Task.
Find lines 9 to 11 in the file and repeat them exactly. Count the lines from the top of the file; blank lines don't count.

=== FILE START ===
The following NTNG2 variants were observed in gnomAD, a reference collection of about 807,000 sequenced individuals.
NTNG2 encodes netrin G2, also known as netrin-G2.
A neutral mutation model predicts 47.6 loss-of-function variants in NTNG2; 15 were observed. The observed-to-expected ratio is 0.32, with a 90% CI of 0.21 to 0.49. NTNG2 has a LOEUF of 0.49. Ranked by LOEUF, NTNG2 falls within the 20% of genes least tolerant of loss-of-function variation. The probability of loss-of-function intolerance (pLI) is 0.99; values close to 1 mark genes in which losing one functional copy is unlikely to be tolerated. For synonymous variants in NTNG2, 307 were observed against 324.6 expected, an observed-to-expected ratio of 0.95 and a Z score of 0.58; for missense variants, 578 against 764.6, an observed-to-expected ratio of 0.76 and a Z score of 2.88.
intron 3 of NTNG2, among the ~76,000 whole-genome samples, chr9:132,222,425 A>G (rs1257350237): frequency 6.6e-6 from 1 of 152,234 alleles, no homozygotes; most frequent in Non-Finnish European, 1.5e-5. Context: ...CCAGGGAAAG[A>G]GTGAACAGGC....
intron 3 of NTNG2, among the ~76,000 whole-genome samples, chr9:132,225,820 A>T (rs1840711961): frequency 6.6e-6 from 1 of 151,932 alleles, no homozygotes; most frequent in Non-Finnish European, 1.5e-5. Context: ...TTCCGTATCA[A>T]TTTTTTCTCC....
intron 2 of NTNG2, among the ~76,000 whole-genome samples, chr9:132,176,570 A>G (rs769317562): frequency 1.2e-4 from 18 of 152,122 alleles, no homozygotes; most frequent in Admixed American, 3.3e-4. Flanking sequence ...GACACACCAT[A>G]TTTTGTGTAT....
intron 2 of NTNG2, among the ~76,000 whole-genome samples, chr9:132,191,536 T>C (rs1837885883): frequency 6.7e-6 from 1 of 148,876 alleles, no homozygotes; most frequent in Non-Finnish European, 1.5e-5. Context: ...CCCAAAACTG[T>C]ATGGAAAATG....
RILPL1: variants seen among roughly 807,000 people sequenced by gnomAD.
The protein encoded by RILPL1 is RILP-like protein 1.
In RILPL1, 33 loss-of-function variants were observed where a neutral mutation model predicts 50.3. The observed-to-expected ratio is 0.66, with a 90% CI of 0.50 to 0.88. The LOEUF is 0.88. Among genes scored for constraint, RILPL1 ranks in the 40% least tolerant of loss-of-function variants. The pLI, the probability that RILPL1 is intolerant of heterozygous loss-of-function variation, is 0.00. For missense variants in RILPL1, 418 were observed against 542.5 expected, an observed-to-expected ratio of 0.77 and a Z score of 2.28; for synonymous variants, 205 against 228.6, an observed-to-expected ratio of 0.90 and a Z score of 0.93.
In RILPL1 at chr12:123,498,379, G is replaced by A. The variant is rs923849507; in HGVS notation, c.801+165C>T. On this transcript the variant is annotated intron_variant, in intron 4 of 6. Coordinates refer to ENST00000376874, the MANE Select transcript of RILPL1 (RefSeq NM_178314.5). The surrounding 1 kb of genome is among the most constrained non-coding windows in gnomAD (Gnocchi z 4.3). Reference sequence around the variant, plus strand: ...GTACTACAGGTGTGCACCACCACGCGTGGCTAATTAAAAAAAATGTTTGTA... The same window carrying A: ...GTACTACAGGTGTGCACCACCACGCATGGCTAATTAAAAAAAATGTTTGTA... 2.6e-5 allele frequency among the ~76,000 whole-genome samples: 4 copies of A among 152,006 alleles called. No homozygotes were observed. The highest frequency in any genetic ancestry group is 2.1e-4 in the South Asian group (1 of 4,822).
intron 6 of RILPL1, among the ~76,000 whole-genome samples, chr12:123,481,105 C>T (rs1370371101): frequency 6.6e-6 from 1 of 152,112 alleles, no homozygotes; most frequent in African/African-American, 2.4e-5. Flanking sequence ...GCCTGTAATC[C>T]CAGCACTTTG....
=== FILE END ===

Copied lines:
The protein encoded by RILPL1 is RILP-like protein 1.
In RILPL1, 33 loss-of-function variants were observed where a neutral mutation model predicts 50.3. The observed-to-expected ratio is 0.66, with a 90% CI of 0.50 to 0.88. The LOEUF is 0.88. Among genes scored for constraint, RILPL1 ranks in the 40% least tolerant of loss-of-function variants. The pLI, the probability that RILPL1 is intolerant of heterozygous loss-of-function variation, is 0.00. For missense variants in RILPL1, 418 were observed against 542.5 expected, an observed-to-expected ratio of 0.77 and a Z score of 2.28; for synonymous variants, 205 against 228.6, an observed-to-expected ratio of 0.90 and a Z score of 0.93.
In RILPL1 at chr12:123,498,379, G is replaced by A. The variant is rs923849507; in HGVS notation, c.801+165C>T. On this transcript the variant is annotated intron_variant, in intron 4 of 6. Coordinates refer to ENST00000376874, the MANE Select transcript of RILPL1 (RefSeq NM_178314.5). The surrounding 1 kb of genome is among the most constrained non-coding windows in gnomAD (Gnocchi z 4.3). Reference sequence around the variant, plus strand: ...GTACTACAGGTGTGCACCACCACGCGTGGCTAATTAAAAAAAATGTTTGTA... The same window carrying A: ...GTACTACAGGTGTGCACCACCACGCATGGCTAATTAAAAAAAATGTTTGTA... 2.6e-5 allele frequency among the ~76,000 whole-genome samples: 4 copies of A among 152,006 alleles called. No homozygotes were observed. The highest frequency in any genetic ancestry group is 2.1e-4 in the South Asian group (1 of 4,822).